The civic agency project: field observations 2021

San Francisco, May 2022

Back in 2019 we set out to explore the practice of civic agency to help communities and public agencies find new ways to navigate complexity and plan for uncertain futures. The underlying racial and social inequities exacerbated by the pandemic brought a sense of urgency to this task, and what started as an informal assessment of public participation practices in San Francisco, led to opportunities to test new approaches.

We were asked to support the design and implementation of public participation pilots that could serve as a compass for long-term civic partnerships. As we set out to "find the others" in collaboration with public agencies and community-based organizations, we were humbled to be in the company of people from diverse backgrounds, united by their dedication to improve outcomes for their communities. From this vantage point, we got a glimpse of a dynamic landscape of community members, leaders, and organizers that bring clarity to the public discourse, and teach us how to stand in solidarity while harnessing dissent.

Along the way, we have been energized by a culture of equity-centered service emerging from public agencies at all staff levels. We've come across remarkable staff members who recognize that equitable community outcomes can only emerge--and be sustained--when equity values are institutionalized through policy, practice, and public sector alignment. Much needed innovation in cross-agency collaboration, financing, and accountability, is in progress thanks to the perseverance of staff. As internal and external pressure builds up to transform governance and improve outcomes for the most vulnerable communities, new models of civic engagement are needed for communities and public agencies to share knowledge and effect change.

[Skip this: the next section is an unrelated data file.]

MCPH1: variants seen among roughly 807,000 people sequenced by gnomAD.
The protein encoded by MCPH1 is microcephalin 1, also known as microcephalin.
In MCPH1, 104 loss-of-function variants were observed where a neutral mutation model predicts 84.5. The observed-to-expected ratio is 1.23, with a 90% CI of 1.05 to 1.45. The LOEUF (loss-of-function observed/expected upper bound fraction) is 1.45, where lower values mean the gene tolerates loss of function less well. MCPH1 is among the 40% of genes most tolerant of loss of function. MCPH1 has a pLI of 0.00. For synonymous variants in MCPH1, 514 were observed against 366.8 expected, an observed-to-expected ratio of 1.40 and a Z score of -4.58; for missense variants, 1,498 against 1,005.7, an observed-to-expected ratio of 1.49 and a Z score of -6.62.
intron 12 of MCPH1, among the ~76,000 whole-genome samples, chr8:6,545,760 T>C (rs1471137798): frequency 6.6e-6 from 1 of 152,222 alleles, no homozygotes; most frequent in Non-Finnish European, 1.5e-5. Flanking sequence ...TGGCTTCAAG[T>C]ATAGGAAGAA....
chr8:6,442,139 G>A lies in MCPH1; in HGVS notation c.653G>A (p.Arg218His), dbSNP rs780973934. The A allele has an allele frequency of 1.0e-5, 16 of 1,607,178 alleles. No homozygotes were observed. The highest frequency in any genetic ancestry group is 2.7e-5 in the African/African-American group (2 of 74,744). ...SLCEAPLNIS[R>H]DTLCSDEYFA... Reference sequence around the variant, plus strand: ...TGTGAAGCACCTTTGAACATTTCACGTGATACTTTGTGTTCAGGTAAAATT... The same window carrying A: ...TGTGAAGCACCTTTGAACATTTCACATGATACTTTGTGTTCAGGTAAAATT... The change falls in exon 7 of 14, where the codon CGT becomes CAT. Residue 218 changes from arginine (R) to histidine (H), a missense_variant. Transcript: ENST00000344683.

A growing awareness of systemic injustices and an expanded access to virtual collaboration tools precipitated by the pandemic, brought urgency to the civic engagement of communities historically underrepresented in city planning and public policy efforts. And while expanding representation is essential, working with vulnerable communities presents new responsibilities for public agencies, facilitators, and organizers. We have learned that their engagement must be intentional, underpinned by a robust ethics framework, and community-led. Organizers and co-facilitators must evaluate ethical concerns including the risk of re-victimization, and be trained to support difficult conversations with a restorative and trauma-informed approach. Decision-makers play a critical role: trust-building efforts can be set back without the political will to acknowledge, and repair past and present harms. From the institutional to the personal realms, these efforts demand absolute clarity of purpose and transparency on the possibilities and the limitations.

Effective, equity-centered civic engagement is complex and requires deep commitment from everyone involved. There are reasons to feel optimistic about recent efforts, but if equitable outcomes is our shared destination, we better get ready for a long journey on untrodden paths.